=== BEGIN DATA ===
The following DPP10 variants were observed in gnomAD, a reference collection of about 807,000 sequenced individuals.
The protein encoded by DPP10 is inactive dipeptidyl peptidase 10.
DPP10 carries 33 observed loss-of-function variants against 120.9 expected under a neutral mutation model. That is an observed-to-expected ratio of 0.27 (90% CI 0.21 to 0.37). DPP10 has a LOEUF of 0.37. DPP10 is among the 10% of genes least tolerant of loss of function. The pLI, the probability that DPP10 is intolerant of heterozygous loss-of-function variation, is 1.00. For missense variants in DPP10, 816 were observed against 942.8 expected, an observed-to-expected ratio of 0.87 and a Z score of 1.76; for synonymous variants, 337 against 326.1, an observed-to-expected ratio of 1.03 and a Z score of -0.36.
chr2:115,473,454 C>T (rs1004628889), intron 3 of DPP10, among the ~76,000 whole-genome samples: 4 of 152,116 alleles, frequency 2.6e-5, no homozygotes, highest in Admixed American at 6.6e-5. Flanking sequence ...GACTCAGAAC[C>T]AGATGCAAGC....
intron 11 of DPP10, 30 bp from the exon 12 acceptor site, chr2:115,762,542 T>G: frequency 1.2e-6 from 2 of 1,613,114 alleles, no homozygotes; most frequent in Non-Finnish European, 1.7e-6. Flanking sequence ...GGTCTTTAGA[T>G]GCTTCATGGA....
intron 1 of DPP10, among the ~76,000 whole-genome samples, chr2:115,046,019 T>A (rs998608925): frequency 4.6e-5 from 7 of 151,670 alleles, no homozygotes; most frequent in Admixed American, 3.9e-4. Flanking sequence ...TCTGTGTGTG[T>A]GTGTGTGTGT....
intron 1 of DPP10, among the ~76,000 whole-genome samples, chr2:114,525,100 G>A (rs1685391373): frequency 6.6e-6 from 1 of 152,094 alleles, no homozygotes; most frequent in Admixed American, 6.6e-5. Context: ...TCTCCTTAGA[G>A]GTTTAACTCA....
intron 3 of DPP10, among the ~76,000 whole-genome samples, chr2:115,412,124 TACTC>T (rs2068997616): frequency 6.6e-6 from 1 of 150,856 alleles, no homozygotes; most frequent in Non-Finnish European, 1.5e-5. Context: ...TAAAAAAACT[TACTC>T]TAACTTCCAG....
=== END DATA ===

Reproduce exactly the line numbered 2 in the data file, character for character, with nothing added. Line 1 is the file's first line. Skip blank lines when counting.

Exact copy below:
The protein encoded by DPP10 is inactive dipeptidyl peptidase 10.